It's easy to recognize these acorn woodpeckers by their red crowns and black-and-white clown faces.
Photo: Steve RyanLess
Evidence of the park's volcanic past reveals itself along the hike. These layers of shale were once mud at the bottom of a body of water that once covered the region. Now, they're not only above ground, but are nearly vertical, owing to the pushing and plowing of the tectonic plates that continue to give Northern California its famous... More earthquakes.
Looking more closely at the rock, you can see the strata, and how the rock breaks easily along the lines along the layers.
Another set of rock layers that were laid down horizontally millions of years ago and have since been uprighted by tectonic forces. These rocks are a mixture of shale and a hard rock called chert. Chert is formed only at the bottom of deep oceans, made of the compressed silica skeletons of billions of tiny marine animals called radiolarians.Less
Curious-looking lumpy rounds of rock near the creek are more evidence of past volcanic activity. They are lumps of flowstone, rock made from minerals, largely calcite, dissolved in the hot spring water. When that water reaches the surface, it cools and evaporates, depositing more minerals on the existing rock.
These pointy formations have the... More familiar look of cave stalactites, and indeed, they're formed in the same way. Rain that's fallen on the top of Alum Rock's mountains flows through rock layers, picking up minerals. Further down the mountain, the water flows out, depositing minerals as it drips to the ground. The "ceiling" it drips from develops pointy tips that focus the drops of water below them, creating the rounder lumps of rock pictured previously.Less
Ah, now this is why people began coming to this area in the first place--hot springs! When you find them, inside a set of small shelters along the South Rim trail, put your hand in for a nice warmup.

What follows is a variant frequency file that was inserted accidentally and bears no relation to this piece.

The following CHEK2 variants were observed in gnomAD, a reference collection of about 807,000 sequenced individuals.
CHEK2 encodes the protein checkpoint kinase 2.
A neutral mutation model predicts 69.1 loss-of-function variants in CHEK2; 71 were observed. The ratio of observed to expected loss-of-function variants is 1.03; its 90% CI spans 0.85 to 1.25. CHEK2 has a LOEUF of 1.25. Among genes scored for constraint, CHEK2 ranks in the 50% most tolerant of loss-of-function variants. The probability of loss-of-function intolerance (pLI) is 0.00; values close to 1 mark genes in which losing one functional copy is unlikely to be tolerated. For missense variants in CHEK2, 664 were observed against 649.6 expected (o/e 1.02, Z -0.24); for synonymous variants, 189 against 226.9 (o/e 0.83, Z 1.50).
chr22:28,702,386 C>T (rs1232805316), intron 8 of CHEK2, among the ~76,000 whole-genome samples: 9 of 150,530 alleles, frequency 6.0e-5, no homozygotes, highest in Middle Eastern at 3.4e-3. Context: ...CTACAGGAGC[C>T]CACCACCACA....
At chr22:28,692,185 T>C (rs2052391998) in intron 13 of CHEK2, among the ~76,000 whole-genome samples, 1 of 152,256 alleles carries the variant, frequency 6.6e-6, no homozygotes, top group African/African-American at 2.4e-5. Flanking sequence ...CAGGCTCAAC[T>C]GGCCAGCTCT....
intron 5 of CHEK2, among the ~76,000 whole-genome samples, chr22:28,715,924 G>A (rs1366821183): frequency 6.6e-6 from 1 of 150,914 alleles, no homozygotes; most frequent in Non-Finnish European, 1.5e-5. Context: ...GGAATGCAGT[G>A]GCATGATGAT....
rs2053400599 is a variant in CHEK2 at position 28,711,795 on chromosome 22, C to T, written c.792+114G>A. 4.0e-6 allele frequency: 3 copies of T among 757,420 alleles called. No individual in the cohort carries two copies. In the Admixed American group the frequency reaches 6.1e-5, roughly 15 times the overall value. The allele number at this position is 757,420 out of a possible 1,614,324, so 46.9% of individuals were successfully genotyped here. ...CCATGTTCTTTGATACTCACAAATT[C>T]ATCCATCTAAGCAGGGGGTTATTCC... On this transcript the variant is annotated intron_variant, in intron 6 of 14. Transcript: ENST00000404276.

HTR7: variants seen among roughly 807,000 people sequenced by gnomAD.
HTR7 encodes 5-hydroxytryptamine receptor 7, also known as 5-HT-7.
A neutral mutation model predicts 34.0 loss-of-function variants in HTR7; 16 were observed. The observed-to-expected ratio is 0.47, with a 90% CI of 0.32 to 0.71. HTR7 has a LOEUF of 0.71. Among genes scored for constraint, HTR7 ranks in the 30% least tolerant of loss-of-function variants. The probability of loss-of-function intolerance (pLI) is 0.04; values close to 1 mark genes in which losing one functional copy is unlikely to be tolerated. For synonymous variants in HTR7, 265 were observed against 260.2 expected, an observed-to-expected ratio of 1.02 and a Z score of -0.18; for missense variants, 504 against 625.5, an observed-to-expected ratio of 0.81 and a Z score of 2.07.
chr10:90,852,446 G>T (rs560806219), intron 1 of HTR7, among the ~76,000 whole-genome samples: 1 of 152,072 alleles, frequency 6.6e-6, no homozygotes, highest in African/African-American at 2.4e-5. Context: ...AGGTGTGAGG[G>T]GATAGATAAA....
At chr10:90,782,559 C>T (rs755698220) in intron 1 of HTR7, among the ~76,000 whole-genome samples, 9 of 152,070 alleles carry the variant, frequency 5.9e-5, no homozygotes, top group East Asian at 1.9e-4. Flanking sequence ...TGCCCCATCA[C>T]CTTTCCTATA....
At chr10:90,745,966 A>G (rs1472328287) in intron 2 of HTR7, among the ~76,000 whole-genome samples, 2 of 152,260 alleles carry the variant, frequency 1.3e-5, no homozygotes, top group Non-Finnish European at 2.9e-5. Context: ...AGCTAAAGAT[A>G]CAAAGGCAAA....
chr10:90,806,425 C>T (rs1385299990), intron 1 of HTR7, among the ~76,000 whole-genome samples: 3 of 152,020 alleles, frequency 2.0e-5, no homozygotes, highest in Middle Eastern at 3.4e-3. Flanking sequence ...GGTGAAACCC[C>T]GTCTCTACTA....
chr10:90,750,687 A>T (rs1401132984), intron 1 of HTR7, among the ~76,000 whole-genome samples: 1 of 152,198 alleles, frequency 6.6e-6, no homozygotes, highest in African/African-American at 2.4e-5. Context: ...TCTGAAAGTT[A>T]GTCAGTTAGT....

The water in these springs has fallen on the top of the nearby hills and flowed through layers of rock still warm with residual heat of volcanoes... More that were active here tens of thousands of years ago. The air carries a whiff of sulfur, one of the minerals picked up by the water during its travels.Less
The water that flows through this volcanic landscape leaves minerals everywhere--as rock formations, as a scent in the air, and here, as dust on rocks nearby the hot springs. The fine particles, mostly sulfur, are left behind by the warm, mineral-rich water as it evaporates.
Getting a closer look at the mineral deposits by scraping some of them... More off with a penknife.
You'll find the dust deposits just a few feet from the shelters over the hot springs. The white blotch near the ground to the left of the spring entrance is rock strata covered with minerals.Less
Not long ago, the hot springs at Alum Rock drew crowds of people from across the country who believed the minerals in the water had a healing capacity.
In its previous incarnation as a spa, Alum Rock was overrun with tourists visiting the baths, a huge swimming pool, amphitheater and restaurant.